Script writing has been going well. I have been getting up at 2am for the last week and writing till 6am. It is the only time that I can really have time to myself. Once the day starts I am tugged in half a dozen different directions. I will be writing on this blog a lot more as information comes in. Excited to get my boat which should show up in the next few weeks. Checjk out the Sea 1 canoe by clipper if you get the chance. It is nothing short of awesome. 

Saturday
Sep242016

Tyler McKay at the Metis "Back to Batoche" festivalWell funny how things change in no time at all. I was applying for a expedition grant from Mountain Equipment Co-op so I had to write a pretty detailed trip plan and the purpose of my film idea. Once I had made a couple edits I sent it to a contact that I had in the Metis Nation of Alberta (MNA). Low and behold they loved the idea and were behind the project “Guns Blazing” as they put it. 

For me personally this means a lot. While my ancestors homeland is in Saskatchewan and I feel like that is my home in a lot of ways also I have to admit to myself I am a Albertan born and mostly raised. My children were born in Banff, Alberta. ( Last of a era as maternity stuff is now done in Canmore) For me my film idea is more about these kids and their future in the ever evolving Metis Nation no matter what province. I also helps to justify the enormous personal cost in time and money. Not something that we can really afford lightly. We have bills and expenses just like everybody else. To take five months off to simply go canoeing is a luxury that comes with a fair bit of sacrifice on all parts.

My wife has to take care of two units ages 6 and 9 and anybody who has kids knows that that age they are a handful. On the other hand she also has a full time job doing mountain rescue for national parks.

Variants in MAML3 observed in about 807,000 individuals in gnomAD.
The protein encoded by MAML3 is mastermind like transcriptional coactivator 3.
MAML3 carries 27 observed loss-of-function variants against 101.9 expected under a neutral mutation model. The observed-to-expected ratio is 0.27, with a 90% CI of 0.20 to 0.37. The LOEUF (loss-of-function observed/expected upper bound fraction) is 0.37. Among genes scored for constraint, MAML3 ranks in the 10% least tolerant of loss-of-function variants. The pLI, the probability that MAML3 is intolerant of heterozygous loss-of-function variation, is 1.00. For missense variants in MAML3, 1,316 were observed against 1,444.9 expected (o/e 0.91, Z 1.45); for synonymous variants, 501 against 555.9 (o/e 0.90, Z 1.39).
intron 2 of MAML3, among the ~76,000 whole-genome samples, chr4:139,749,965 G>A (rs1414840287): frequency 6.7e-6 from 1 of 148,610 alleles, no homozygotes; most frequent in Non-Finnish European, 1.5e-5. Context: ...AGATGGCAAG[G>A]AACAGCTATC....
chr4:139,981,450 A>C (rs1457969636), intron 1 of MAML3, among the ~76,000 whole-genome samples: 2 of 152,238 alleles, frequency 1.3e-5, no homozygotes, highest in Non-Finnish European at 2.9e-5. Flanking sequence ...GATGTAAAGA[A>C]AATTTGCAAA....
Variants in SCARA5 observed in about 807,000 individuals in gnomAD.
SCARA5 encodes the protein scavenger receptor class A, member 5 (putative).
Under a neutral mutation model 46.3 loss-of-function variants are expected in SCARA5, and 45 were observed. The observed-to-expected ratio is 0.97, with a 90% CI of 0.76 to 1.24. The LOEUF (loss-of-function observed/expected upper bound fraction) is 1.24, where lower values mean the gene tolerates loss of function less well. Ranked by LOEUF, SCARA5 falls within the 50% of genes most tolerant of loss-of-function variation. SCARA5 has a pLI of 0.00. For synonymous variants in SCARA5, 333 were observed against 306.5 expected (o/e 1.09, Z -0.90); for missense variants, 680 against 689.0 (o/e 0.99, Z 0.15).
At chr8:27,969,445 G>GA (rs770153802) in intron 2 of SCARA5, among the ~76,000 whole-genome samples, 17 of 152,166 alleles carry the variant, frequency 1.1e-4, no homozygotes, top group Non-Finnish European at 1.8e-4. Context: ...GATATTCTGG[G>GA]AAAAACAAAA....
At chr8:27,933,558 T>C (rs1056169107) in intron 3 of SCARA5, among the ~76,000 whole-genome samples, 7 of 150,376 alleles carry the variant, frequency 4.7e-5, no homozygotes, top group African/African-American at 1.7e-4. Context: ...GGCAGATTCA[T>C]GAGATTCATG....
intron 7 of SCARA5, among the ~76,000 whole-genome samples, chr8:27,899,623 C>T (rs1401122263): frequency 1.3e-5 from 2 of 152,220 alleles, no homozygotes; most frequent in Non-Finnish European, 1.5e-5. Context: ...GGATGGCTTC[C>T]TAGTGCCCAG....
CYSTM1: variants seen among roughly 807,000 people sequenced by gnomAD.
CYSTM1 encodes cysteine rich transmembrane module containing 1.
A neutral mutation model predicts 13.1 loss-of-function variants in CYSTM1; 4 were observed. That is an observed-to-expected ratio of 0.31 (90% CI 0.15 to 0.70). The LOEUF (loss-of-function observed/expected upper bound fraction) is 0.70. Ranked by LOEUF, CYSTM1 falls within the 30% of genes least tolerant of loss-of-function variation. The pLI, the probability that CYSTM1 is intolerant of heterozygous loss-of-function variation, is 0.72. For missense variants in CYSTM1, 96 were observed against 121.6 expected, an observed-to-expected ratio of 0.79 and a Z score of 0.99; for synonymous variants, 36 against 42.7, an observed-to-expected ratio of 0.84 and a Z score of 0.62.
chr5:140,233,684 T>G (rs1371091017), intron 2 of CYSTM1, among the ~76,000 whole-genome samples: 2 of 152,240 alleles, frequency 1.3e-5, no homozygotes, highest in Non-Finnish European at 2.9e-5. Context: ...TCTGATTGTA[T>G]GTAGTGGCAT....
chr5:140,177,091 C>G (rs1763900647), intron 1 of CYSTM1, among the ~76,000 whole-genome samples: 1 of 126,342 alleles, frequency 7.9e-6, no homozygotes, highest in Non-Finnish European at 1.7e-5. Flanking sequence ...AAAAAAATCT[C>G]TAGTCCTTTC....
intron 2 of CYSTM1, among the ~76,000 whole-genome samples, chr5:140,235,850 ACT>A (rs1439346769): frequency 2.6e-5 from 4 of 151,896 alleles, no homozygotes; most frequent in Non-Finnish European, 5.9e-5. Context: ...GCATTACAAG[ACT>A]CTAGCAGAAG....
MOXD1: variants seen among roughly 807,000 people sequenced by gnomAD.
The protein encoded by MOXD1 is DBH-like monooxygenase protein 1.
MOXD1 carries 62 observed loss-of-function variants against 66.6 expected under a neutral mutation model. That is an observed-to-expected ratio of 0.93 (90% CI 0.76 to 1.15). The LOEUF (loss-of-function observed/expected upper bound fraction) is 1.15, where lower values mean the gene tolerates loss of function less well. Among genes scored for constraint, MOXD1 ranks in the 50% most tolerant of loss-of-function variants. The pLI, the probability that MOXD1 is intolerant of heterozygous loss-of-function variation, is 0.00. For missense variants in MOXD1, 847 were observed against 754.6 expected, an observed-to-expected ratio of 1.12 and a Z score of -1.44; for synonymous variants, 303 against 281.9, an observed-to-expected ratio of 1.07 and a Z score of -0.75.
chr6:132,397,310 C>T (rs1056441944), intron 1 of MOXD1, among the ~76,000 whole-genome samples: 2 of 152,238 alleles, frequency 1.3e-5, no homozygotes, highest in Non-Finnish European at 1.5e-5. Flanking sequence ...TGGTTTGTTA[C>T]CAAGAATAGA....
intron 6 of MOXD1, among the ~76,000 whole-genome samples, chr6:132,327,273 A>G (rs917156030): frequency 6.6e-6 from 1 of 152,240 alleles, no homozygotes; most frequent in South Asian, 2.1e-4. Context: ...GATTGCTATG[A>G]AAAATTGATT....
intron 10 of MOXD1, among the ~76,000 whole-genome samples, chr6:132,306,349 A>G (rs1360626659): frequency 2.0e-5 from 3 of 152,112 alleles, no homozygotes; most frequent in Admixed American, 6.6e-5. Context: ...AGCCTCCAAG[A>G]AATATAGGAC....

My kids are a little bit more adaptive but still they have to go without dad for awhile. So the hiking, climbing and paddling we do on a regular basis comes to a halt for a bit. I will be replaced by a child care worker of some sort.

Freighting on the Prairies; Metis Red River carts.Myself I will miss them but at the same time I am doing something I have been planning to do for well over a decade. At 58 years of age this is about as old as a person can be and safely do this trip. If I waited till they got out of school I’d be 70 and I am pretty sure it just wouldn’t happen. 

Having the blessing of the MN means that a lot more doors are open to me that would have been forced open. Interviews with key players, introductions, credibility with historic staff. The actual list is quite extensive. The promise to assist in fund raising is actually secondary though somewhat important. 

So my conversation with MNA took place yesterday. At the same time A long term client of mine has taken up the cause. Dave Wakefield has donated some cash and is presently lobbying on behalf with friends, family and corporations. 

It’s great having this feeling that things are coming along after years of planning. I guess the one thing that isJoe McKay 2010 starting to become apparent is I now have to actually produce something as I am excepting peoples donations. They are believing in me so now I have to believe in myself. For the first time in quite awhile I do believe I can create something that will actually make a difference. A contribution to the nation that helped me out when I needed it the most.

You can expect a lot more frequent updates about how things are coming along. The stages of development. The next step will be the creation of a formal script and shot list. So stick around and check in regularly we are going to be real busy over the next seven months. 

Joe

Wednesday
Sep212016

The Journey broke down into sections

Trip Description

The concept of this trip started over ten years ago. A few years ago with the passing of my father I had a realization that a great deal of our family history was being lost with the passage of time. For the sake of my children and myself i decided to retrace our Metis ancestral roots. I made the astonishing discovery that we played a role as best supporting actors in the Canadian fur trade. In Virtually all of the waterways I had planned to paddle had been traveled by my ancestors over two hundred years prior.